The railroad was good to Elijah. The Simerly's had 13 children, so the need for a home was great. Around 1867 Simerly built a home that at the time was considered a mansion. The home is located at 107 Main Street and is perhaps the most important historic site Hampton offers. A photo is included of the old Simerly/Butler Mansion.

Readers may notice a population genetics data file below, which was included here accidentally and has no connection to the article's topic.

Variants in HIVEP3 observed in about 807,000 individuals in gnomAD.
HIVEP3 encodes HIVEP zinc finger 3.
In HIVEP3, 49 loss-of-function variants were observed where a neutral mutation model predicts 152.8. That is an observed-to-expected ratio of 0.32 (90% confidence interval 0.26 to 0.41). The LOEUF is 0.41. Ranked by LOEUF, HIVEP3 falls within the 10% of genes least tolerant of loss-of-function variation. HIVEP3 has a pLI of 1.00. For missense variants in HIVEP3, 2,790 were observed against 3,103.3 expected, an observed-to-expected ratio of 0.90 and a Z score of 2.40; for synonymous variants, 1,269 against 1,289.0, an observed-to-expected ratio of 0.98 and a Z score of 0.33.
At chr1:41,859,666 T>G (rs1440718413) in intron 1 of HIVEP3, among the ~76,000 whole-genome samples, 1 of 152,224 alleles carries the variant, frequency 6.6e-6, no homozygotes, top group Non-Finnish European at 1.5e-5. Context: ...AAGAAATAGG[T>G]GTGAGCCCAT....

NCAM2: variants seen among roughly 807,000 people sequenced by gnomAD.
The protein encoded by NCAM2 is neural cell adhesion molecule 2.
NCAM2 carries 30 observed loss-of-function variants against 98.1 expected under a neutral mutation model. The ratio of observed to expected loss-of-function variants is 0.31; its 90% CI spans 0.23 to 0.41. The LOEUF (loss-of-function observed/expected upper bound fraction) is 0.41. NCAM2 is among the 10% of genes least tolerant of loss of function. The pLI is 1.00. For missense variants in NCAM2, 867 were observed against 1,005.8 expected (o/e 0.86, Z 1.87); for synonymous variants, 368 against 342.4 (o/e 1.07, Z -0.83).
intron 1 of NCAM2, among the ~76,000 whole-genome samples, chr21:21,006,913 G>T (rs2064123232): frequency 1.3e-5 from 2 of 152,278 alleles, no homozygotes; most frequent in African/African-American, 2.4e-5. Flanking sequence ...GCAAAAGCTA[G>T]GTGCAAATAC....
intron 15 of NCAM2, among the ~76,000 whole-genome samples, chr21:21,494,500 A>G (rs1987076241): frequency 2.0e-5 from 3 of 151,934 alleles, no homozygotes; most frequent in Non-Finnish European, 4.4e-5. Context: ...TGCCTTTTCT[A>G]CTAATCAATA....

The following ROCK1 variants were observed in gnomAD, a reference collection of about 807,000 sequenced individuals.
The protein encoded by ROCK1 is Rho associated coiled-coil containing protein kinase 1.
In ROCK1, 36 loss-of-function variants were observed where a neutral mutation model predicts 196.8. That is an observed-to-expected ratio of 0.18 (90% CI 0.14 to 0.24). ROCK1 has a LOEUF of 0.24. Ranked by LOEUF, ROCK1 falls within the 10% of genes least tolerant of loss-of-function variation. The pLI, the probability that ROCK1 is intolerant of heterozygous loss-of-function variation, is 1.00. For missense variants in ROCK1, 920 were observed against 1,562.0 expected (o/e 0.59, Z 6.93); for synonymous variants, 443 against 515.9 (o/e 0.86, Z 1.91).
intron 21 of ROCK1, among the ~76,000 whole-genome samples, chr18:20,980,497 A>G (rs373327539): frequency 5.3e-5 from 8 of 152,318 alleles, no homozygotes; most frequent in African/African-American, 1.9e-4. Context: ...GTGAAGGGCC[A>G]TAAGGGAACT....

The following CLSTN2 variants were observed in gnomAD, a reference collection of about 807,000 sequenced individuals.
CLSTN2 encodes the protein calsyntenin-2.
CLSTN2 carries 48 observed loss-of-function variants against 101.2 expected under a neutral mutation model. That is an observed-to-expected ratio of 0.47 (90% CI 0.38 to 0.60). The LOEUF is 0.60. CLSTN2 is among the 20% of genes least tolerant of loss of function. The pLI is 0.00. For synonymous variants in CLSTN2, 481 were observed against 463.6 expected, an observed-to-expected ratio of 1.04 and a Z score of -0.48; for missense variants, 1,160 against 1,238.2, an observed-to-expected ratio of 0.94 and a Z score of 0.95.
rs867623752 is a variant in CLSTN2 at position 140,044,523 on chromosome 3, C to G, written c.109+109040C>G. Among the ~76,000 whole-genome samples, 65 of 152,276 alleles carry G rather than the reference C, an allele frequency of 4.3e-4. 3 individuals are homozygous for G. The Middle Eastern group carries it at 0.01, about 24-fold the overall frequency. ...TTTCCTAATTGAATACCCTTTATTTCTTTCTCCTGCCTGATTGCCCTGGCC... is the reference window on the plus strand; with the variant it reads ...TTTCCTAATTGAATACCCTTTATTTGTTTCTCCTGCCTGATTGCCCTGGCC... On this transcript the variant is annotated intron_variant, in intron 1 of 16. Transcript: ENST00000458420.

As I grew up here in the wonderful world of Hampton Tennessee, I was exposed to many things, good and bad, but in life you must take the good with the bad. One thing I can say is that my childhood memories are filled with many great and historical sites where I played as a boy. One of the most important and most memorable places was the old Willow stream House. It was located directly accross the road from one of the two churches I attended regularly in my youth, the Hampton Christian Church. Not only was it one of the places I attended to learn the ins and outs of religion and spirituality, it was also the place where all of my Boy Scout meetings were held. Yes, believe it or not, I was a Boy Scout and I was a damn good one at that. So needless to say, I spent alot of time there. This meant that every day I was there for Sunday School, Prayer Meeting, or a Boy Scout meeting, directly afterwards I went running to the pond accross the road to see the huge trout in the pond at the old Willow Stream house.